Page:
Mr. Holl: Well, I think that there is a reason here.
The state courts have already found this man to be dangerous and they have incarcerated him.
They have already made that finding.
Unknown Speaker: No, no.
You mistake me.
I'm saying if the New Jersey Supreme Court itself would not feel offended by a New Jersey lower court releasing an individual when the lower court finds that he's entitled to state habeaus, I don't know why a federal court should be any more stingy with this man's freedom, because the only interest in holding him is a state interest.
If the state itself would let him go, I see no reason why the federal court shouldn't let him go.
So don't we have to know what the New Jersey rule is?
Mr. Holl: I don't think you have to know to decide this case, because I think that would frustrate a federal interest in the uniform application of the habeas rule, and it would permit perhaps a state to come up with a rule--
Unknown Speaker: He hasn't been convicted of a federal crime, right?
He's been convicted of a state crime?
Mr. Holl: --That's correct.
Unknown Speaker: So the only reason he should be held in prison at all is a state reason, it seems to me.
Mr. Holl: Well, I think that the law of New Jersey is rather clear, first of all, that he would... that a court would be permitted to keep him incarcerated pending his state habeas proceeding pursuant to that rule.
But aside from that, the federal courts... if you reach a... if you take the position that the decision whether or not, that a federal court makes to release a defendant is based on the state rule, then you're not going to have a uniform application of the federal habeas corpus laws, because it's the federal court which releases him pursuant to a federal statute.
Unknown Speaker: On the other hand, if you take the position that it depends on federal law you're not going to have... it's sort of an Erie question.
You're not going to have uniform application within the state.
If you apply for state habeas corpus and the state gives it to you, you're free pending the appeal.
But if you apply for federal habeas corpus and you win, the federal court holds you.
So it's like Erie.
Do you want uniformity within the state or do you want uniformity nationwide?
Mr. Holl: I think the answer is that in this case and in all cases the state courts will have considered the same claims that are being raised on habeas and will already have made the decision that the individual involved is dangerous and should be incarcerated.
So I think that's the rationale behind it.
Unknown Speaker: Mr. Holl, at least I'm along with Justice Scalia.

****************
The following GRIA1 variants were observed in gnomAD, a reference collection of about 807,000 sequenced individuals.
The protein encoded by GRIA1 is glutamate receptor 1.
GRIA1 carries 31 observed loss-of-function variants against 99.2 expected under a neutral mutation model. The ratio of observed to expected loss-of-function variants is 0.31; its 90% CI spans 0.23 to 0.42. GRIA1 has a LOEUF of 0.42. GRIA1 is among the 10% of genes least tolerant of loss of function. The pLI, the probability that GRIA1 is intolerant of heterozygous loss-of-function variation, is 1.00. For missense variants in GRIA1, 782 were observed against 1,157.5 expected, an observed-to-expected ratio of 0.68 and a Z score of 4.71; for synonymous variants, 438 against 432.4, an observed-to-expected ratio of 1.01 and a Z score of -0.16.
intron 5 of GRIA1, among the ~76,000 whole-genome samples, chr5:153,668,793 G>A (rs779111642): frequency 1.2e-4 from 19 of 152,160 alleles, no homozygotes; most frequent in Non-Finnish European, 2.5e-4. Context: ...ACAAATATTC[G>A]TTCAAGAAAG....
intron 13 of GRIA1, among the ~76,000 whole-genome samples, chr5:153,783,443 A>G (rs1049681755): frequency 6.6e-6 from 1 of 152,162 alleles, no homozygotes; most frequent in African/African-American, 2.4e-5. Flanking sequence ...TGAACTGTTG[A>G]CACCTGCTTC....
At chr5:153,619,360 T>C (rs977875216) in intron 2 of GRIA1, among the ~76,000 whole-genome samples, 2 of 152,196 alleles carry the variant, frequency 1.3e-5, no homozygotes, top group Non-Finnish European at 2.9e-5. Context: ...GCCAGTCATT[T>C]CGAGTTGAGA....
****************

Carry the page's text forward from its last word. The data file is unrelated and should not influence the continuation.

Can you brief that and send it in to us?
Mr. Holl: Sure, Your Honor.
We'd be happy to accommodate the Court on that issue.
Unknown Speaker: I mean, I would like to know personally.
I'd like to know what the New Jersey law is.
Mr. Holl: Well, this issue has been researched.
There are no cases directly on point as to whether or not our bail pending appeal rule applies to a state collateral proceeding.
Unknown Speaker: I'm talking about the New Jersey law.
Mr. Holl: That's correct.
And there are no cases, but we think that the most analogous rule--
Unknown Speaker: Have you researched it?
Mr. Holl: --Yes, we have, Justice Marshall.
Unknown Speaker: Where is he now?
Mr. Holl: This man, I don't know, Your Honor, Justice Blackmun, I don't know.
He is not incarcerated.
He has been released.
Unknown Speaker: Well, the state did not seek cert in the Carter case, did it?
Mr. Holl: I don't believe the Carter case is... oh, you mean in the Carter case at issue here?
Yes, I believe that's correct, that the state did not seek a--
Unknown Speaker: Do you know why?
Mr. Holl: That case was handled by the Passaic County Prosecutor's Office, which is a separate entity.
And I do not know their reasons for not seeking it.
Unknown Speaker: It was all over the press.
It was all over the press.
Was that the reason why?
Mr. Holl: Well, that could be the reason why, Justice Marshall.
Unknown Speaker: Mr. Holl, are you suggesting that because of the delicate relationship of the federal habeas procedures to state convictions, there might be a federal interest apart from a state interest in seeing that the man is delivered over if it were reversed on appeal?
Mr. Holl: I think that there are federal interests here, there's no question about that.
There are a number of federal interests, including and I think the most important one is the interest in comity between the federal and state systems here.
The deference that would be provided by a rule permitting a court to take dangerousness into account would result in less of a strain on the federal-state comity relationship.
Unknown Speaker: Well, Mr. Holl, do you think that there is some appropriate inquiry in the federal court to try to preserve the status quo pending an appeal?
Mr. Holl: Yes, I do.
Unknown Speaker: In which the court might consider the likelihood of success on appeal and the fact that the defendant was incarcerated, and so forth?
Mr. Holl: I believe that's a very important interest here.
An important federal interest in comity is to maintain the status quo and to take into account all factors that are relevant to this decision as to whether or not to stay.